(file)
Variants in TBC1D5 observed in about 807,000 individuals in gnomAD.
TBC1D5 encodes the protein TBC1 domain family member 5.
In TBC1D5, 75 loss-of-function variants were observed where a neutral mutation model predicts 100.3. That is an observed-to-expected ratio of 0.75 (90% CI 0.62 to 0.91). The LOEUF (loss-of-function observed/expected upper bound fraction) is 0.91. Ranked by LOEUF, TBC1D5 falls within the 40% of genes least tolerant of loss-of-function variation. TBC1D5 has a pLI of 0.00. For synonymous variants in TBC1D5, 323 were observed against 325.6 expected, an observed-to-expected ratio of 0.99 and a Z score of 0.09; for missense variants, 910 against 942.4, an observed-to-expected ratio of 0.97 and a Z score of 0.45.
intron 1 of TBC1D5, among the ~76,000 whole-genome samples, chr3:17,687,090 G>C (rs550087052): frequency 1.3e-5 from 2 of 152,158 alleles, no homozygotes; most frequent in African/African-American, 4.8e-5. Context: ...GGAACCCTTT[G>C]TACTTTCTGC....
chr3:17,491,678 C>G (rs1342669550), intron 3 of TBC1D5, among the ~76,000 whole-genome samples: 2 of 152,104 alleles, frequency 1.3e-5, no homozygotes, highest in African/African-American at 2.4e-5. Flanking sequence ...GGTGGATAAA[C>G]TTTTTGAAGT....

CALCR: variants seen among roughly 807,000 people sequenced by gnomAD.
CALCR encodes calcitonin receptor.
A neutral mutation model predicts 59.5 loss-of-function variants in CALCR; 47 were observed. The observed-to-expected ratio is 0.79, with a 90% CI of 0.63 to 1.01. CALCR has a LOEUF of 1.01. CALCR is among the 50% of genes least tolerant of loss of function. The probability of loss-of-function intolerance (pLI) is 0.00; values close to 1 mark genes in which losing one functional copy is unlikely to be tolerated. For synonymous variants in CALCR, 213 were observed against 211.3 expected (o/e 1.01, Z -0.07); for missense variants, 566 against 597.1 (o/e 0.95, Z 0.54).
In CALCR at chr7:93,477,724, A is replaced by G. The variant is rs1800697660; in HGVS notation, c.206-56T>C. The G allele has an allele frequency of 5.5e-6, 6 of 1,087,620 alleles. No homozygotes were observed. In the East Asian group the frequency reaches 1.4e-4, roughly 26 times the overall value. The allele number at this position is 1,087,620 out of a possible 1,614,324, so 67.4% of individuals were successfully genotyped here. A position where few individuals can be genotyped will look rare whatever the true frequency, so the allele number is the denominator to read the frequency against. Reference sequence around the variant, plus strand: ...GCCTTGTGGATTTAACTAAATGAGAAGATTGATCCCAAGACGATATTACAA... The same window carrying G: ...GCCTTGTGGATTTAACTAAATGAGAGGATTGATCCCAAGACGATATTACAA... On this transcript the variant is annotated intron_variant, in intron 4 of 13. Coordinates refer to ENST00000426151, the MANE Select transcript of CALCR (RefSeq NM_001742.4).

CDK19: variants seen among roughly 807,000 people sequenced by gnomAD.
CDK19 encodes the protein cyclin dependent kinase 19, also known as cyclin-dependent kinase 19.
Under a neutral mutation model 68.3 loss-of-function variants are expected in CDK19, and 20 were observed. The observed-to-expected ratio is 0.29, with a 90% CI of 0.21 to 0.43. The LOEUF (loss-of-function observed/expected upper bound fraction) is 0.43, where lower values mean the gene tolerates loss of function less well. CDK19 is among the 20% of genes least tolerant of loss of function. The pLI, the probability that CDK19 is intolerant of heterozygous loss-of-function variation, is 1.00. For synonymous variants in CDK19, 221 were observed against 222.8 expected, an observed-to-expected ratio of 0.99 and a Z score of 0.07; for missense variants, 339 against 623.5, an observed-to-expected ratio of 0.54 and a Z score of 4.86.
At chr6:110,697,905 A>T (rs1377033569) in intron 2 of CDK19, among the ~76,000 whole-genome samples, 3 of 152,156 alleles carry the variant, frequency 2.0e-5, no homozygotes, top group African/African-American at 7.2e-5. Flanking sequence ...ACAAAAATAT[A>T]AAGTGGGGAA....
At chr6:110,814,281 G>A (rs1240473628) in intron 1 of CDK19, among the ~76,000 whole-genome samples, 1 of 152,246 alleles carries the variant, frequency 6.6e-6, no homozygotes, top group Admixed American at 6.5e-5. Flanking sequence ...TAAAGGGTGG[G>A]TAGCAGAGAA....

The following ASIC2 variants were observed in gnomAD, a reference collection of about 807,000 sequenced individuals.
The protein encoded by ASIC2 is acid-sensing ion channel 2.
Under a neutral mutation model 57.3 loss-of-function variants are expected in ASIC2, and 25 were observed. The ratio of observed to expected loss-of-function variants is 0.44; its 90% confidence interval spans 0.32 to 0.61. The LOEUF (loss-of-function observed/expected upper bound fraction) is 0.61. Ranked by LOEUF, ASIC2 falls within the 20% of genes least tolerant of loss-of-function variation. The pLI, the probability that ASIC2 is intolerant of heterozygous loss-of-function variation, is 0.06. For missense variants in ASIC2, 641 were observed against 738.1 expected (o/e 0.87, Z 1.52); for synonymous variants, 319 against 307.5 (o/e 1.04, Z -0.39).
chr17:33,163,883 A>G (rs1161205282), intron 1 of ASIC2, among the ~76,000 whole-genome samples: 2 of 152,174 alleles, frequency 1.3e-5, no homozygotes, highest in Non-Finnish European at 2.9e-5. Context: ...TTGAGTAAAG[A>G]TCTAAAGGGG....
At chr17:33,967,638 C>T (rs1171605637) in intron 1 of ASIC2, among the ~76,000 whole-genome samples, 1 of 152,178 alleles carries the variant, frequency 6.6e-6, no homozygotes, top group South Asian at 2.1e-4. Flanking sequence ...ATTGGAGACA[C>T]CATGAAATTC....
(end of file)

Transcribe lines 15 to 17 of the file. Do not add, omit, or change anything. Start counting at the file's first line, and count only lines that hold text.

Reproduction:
The following ASIC2 variants were observed in gnomAD, a reference collection of about 807,000 sequenced individuals.
The protein encoded by ASIC2 is acid-sensing ion channel 2.
Under a neutral mutation model 57.3 loss-of-function variants are expected in ASIC2, and 25 were observed. The ratio of observed to expected loss-of-function variants is 0.44; its 90% confidence interval spans 0.32 to 0.61. The LOEUF (loss-of-function observed/expected upper bound fraction) is 0.61. Ranked by LOEUF, ASIC2 falls within the 20% of genes least tolerant of loss-of-function variation. The pLI, the probability that ASIC2 is intolerant of heterozygous loss-of-function variation, is 0.06. For missense variants in ASIC2, 641 were observed against 738.1 expected (o/e 0.87, Z 1.52); for synonymous variants, 319 against 307.5 (o/e 1.04, Z -0.39).